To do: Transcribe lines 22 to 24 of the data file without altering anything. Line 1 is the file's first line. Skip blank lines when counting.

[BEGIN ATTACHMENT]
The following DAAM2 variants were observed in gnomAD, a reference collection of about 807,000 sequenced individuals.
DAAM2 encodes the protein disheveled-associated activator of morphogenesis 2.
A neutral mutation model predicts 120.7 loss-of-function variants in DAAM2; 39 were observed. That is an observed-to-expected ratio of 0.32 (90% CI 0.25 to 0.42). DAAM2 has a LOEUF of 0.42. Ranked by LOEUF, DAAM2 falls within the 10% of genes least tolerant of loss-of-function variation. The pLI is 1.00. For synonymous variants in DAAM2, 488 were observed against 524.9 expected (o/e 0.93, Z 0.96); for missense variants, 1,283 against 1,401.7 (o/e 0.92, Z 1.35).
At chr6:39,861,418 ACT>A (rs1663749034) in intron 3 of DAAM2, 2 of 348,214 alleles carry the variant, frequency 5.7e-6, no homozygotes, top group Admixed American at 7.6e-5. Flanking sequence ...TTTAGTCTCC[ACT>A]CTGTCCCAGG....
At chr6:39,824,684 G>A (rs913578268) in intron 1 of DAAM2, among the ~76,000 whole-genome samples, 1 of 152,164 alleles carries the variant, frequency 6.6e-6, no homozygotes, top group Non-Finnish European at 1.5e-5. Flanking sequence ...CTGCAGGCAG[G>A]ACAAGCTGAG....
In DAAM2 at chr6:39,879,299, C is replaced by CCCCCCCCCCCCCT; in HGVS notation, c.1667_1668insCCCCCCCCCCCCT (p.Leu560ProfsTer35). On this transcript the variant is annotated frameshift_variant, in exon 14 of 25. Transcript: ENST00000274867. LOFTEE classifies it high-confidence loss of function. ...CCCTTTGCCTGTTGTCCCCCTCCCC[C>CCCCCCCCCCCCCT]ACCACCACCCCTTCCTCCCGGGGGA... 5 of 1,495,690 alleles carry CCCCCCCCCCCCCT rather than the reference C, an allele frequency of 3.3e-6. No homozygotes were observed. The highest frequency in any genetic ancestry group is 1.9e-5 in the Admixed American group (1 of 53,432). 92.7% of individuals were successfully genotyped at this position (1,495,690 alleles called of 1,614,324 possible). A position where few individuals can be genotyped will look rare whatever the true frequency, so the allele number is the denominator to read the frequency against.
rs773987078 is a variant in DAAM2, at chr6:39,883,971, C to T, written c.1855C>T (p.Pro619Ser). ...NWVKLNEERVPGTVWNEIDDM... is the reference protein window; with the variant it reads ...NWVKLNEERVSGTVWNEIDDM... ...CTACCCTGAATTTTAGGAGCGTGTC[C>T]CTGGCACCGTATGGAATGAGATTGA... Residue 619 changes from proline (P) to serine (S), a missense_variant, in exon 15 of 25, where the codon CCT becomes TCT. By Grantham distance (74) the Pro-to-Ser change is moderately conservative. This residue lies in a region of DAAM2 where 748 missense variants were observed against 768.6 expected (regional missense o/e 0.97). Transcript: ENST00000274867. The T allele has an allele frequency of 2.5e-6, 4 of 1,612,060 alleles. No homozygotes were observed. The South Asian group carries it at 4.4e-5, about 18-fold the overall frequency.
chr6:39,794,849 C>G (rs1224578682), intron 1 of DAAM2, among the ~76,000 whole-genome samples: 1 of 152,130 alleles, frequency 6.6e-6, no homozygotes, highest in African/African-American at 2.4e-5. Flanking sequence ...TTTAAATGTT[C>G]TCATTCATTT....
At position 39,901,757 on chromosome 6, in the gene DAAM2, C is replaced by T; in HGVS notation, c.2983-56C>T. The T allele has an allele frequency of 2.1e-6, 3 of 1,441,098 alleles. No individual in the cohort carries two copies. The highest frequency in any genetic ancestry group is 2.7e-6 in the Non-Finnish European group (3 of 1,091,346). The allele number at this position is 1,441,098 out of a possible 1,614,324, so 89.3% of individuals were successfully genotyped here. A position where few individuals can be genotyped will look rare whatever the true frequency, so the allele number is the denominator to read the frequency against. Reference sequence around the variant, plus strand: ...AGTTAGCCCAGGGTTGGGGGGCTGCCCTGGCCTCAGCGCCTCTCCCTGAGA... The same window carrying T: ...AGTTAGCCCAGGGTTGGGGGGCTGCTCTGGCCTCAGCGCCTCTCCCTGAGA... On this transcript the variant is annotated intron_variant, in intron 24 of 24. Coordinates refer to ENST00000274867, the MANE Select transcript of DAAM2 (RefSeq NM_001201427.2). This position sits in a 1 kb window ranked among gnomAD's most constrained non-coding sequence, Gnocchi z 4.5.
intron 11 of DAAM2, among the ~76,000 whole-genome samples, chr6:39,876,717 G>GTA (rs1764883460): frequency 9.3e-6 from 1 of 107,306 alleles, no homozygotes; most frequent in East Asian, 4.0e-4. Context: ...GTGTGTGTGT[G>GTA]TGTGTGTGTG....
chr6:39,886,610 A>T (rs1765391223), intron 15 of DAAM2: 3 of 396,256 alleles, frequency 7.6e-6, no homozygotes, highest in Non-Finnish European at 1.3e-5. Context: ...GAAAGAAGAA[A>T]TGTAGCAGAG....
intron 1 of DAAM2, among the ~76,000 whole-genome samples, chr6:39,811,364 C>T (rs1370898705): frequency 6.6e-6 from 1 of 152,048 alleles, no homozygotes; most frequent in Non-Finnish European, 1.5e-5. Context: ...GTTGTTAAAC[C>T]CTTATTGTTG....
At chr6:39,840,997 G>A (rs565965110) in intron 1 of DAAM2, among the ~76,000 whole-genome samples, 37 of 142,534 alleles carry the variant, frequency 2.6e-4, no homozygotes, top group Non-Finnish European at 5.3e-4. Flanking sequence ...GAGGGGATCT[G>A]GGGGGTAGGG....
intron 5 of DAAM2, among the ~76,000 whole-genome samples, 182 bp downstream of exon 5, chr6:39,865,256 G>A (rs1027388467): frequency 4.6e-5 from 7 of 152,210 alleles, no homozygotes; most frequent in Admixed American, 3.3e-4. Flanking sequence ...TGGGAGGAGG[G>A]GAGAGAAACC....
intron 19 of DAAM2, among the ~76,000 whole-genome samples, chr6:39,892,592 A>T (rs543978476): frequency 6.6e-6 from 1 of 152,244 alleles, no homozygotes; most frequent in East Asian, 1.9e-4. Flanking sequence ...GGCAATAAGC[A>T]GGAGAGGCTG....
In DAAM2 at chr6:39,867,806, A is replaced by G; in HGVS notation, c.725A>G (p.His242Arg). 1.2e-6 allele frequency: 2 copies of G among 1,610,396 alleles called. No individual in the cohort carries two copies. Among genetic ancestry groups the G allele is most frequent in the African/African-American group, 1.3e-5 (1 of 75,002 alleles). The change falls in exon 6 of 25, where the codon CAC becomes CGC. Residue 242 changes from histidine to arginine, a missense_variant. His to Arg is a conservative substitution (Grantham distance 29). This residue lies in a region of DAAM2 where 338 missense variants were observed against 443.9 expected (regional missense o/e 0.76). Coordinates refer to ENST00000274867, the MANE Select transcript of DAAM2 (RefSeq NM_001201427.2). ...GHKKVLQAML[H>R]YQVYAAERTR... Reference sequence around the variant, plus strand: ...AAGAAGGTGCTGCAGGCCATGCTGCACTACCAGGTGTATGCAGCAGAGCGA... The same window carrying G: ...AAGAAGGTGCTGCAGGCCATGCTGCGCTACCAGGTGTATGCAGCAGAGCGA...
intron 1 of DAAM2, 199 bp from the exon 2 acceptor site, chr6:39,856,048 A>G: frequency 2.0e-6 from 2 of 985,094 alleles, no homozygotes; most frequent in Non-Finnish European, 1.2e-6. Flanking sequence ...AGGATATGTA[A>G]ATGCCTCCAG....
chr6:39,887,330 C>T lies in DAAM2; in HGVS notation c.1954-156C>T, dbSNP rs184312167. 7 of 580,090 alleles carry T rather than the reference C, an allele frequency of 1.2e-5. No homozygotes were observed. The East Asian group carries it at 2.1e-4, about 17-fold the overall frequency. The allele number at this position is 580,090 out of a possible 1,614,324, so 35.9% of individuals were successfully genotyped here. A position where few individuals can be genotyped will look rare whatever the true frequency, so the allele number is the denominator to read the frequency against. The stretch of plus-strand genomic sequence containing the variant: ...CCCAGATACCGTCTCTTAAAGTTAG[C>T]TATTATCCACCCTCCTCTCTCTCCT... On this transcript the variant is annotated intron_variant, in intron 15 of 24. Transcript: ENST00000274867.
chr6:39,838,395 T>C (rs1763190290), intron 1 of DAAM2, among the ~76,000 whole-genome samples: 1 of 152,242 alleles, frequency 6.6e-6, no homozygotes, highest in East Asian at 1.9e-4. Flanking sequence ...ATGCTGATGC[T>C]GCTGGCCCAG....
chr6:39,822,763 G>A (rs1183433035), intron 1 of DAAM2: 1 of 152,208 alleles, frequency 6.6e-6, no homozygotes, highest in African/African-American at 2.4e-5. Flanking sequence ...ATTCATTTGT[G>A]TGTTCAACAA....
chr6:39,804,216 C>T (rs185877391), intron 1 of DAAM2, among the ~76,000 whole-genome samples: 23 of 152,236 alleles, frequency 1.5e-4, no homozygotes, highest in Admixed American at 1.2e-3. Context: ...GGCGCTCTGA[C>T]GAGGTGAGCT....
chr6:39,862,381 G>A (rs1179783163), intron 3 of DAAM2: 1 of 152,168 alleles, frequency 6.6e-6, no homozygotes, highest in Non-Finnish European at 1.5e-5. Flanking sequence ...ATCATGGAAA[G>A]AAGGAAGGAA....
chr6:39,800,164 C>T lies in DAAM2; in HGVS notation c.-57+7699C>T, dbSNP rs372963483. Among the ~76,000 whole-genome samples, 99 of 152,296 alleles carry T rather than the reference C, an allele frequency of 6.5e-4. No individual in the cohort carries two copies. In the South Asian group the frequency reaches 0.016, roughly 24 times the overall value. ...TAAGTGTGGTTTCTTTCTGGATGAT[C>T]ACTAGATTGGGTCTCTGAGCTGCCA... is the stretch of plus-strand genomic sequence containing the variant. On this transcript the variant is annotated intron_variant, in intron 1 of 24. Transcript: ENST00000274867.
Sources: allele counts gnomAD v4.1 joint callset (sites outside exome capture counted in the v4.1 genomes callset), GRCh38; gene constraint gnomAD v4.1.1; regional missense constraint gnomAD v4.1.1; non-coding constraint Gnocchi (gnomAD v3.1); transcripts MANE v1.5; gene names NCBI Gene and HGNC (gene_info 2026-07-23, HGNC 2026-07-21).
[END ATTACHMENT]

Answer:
chr6:39,862,381 G>A (rs1179783163), intron 3 of DAAM2: 1 of 152,168 alleles, frequency 6.6e-6, no homozygotes, highest in Non-Finnish European at 1.5e-5. Flanking sequence ...ATCATGGAAA[G>A]AAGGAAGGAA....
chr6:39,800,164 C>T lies in DAAM2; in HGVS notation c.-57+7699C>T, dbSNP rs372963483. Among the ~76,000 whole-genome samples, 99 of 152,296 alleles carry T rather than the reference C, an allele frequency of 6.5e-4. No individual in the cohort carries two copies. In the South Asian group the frequency reaches 0.016, roughly 24 times the overall value. ...TAAGTGTGGTTTCTTTCTGGATGAT[C>T]ACTAGATTGGGTCTCTGAGCTGCCA... is the stretch of plus-strand genomic sequence containing the variant. On this transcript the variant is annotated intron_variant, in intron 1 of 24. Transcript: ENST00000274867.
Sources: allele counts gnomAD v4.1 joint callset (sites outside exome capture counted in the v4.1 genomes callset), GRCh38; gene constraint gnomAD v4.1.1; regional missense constraint gnomAD v4.1.1; non-coding constraint Gnocchi (gnomAD v3.1); transcripts MANE v1.5; gene names NCBI Gene and HGNC (gene_info 2026-07-23, HGNC 2026-07-21).